German coal exit timetable to be settled in last minute talks
The exact path Germany should take to exit coal remains the final issue to be settled by the so-called coal commission. The commission in charge of suggesting how the world’s fourth largest economy can be weaned off the climate-damaging fossil fuel has agreed on most aspects of the phase-out and a wide range of detailed measures to support affected regions, employees and companies, leaving the crucial timetable to be decided in a final step, according to a draft of the task force’s final report.
The draft document runs to 133 pages, and contains only five pages where details still need to be settled - but these concern a plan for coal power plant closures. Passages detailing the exit path are still littered with empty brackets “[XX]” that need to be filled with dates and coal power plant capacities following the final round of negotiations. The draft also doesn’t specify whether the embattled Hambach Forest, which has become a symbol for anti-coal activism in Germany and beyond, will be preserved.
Germany’s coal exit commission was set up to find economic prospects for coal workers and regions before spelling out measures to reduce carbon emissions in line with Germany's climate targets, and naming an end date for coal-fired power production, the most prominent blemish on the former climate action pioneer’s emissions record. This order is reflected in its official title: “Commission on Growth, Structural Change and Employment.”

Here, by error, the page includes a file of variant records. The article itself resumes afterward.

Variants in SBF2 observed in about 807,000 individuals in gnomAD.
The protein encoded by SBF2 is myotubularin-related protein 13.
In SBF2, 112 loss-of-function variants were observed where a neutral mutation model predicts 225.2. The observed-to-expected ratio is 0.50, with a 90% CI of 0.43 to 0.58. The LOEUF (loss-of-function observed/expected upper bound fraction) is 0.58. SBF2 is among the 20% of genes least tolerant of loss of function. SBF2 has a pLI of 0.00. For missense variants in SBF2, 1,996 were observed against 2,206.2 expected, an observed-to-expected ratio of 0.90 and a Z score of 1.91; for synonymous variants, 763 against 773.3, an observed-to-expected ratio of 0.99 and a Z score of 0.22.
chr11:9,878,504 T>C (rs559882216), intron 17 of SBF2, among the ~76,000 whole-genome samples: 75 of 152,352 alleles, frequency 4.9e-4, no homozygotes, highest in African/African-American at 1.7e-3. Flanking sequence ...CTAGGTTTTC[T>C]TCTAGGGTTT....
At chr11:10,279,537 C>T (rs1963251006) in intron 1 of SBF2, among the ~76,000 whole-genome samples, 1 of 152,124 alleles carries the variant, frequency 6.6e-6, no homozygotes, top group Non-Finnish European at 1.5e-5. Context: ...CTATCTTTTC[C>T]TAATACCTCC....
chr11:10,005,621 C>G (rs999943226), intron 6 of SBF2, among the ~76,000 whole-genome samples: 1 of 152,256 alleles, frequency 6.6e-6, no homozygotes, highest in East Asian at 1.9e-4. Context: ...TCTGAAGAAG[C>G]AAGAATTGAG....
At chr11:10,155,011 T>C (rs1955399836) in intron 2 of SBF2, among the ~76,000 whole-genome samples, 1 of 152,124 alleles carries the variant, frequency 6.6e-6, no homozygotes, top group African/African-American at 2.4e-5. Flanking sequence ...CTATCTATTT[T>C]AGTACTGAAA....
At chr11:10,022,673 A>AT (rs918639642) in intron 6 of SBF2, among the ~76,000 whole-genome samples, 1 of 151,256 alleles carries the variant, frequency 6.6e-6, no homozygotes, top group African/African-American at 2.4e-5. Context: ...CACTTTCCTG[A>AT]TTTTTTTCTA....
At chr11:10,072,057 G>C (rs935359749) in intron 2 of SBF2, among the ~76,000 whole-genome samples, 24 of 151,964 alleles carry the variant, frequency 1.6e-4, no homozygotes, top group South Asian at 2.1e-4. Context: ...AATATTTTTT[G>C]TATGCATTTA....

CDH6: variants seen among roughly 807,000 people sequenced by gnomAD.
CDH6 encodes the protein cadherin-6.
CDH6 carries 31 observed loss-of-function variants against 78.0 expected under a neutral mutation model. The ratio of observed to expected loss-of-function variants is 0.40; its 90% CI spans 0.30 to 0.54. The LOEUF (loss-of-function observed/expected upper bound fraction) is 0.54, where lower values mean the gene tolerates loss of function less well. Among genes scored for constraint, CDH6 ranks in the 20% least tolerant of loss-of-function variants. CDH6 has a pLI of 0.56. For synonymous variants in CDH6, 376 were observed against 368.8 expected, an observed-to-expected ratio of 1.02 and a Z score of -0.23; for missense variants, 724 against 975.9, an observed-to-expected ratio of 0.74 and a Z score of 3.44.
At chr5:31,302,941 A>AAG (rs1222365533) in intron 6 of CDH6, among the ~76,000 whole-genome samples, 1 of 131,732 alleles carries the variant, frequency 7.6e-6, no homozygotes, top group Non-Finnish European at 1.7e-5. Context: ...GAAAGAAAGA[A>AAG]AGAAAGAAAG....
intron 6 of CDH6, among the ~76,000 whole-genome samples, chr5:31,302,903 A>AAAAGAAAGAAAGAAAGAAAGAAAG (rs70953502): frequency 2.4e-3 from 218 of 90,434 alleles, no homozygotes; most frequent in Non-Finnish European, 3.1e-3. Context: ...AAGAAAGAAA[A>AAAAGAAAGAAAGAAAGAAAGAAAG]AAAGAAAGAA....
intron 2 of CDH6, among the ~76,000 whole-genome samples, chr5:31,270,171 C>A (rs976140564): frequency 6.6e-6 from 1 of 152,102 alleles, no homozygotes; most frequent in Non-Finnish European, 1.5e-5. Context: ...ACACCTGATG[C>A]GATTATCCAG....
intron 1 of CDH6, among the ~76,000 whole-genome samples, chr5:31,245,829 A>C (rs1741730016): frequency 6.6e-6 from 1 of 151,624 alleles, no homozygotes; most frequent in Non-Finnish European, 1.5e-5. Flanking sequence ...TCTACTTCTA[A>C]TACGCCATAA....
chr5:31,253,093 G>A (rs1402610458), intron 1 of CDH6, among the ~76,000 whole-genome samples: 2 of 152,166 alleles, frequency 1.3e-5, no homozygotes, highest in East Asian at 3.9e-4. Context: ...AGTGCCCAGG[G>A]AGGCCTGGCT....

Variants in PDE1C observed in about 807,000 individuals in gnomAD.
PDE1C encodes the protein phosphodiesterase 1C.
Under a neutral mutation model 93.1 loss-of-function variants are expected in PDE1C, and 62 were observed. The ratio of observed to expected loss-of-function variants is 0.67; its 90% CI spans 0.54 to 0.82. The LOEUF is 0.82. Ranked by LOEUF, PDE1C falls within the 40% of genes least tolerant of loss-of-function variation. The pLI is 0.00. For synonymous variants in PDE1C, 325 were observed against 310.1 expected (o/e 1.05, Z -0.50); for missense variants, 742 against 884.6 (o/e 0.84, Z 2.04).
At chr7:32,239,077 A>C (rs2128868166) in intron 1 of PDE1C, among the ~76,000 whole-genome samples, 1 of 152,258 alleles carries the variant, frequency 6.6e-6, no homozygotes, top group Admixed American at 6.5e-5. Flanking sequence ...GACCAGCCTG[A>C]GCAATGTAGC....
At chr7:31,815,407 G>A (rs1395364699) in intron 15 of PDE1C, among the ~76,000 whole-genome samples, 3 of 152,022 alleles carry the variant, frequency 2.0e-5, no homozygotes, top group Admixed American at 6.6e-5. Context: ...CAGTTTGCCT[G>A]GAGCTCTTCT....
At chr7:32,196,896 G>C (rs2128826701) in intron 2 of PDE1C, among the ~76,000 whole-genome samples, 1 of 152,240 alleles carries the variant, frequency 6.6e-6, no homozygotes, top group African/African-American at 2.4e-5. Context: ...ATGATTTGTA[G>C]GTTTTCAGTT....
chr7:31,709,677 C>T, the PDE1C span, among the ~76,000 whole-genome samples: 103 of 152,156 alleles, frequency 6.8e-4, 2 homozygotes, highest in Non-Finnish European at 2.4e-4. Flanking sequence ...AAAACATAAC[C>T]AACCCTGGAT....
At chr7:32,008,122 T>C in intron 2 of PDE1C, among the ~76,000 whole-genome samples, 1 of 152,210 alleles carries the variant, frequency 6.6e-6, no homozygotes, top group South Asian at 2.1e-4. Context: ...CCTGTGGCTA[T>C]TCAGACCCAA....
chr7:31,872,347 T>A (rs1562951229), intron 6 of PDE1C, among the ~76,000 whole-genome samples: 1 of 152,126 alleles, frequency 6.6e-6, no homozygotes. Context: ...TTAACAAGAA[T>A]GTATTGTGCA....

Officially, the commission’s last meeting will take place on 1 February. But the task force hopes to wrap up negotiations on Friday 25 January, so a safety buffer remains in case a compromise can’t be reached by that date, sources close to the commission told the Clean Energy Wire.
The coal commission’s proposal is not legally binding, but since the task force is backed by a large majority in parliament, the government is widely expected to follow its recommendations.
Initial speed is key for climate
From a climate policy perspective, the key issue is how many power stations Germany will switch off in the short term, because this will have the largest impact on the country’s total emissions over time compared to other measures. Seven of Europe’s ten most CO2-intensive power plants are located in Germany (see table). Shutting these down early would save a lot of cumulated emissions over the years.
Germany has set the target of reducing emissions in the energy sector by more than 60 percent by 2030, compared to 1990 levels. According to most experts, this objective can only be reached if at least half of the country’s coal power capacity is offline by then.
While environmental NGOs would like 10 gigawatts (GW) of generation capacity taken offline by 2022, utilities and industry see a limit of 5 to 7 GW, equivalent to around 5 to 7 large power plants. Chancellor Angela Merkel’s conservatives had agreed to shut down 7 GW of coal power capacity in the short term during coalition talks with the pro-business Free Democrats (FDP) and the Green Party. These talks eventually collapsed.
Opponents of a rapid initial phase-out, such as energy-intensive industries and the coal mining union IG BCE, warn that it would push up power prices and endanger supply security given that Germany is phasing out nuclear power at the same time – the last nuclear plant is due to be shut down at the end of 2022.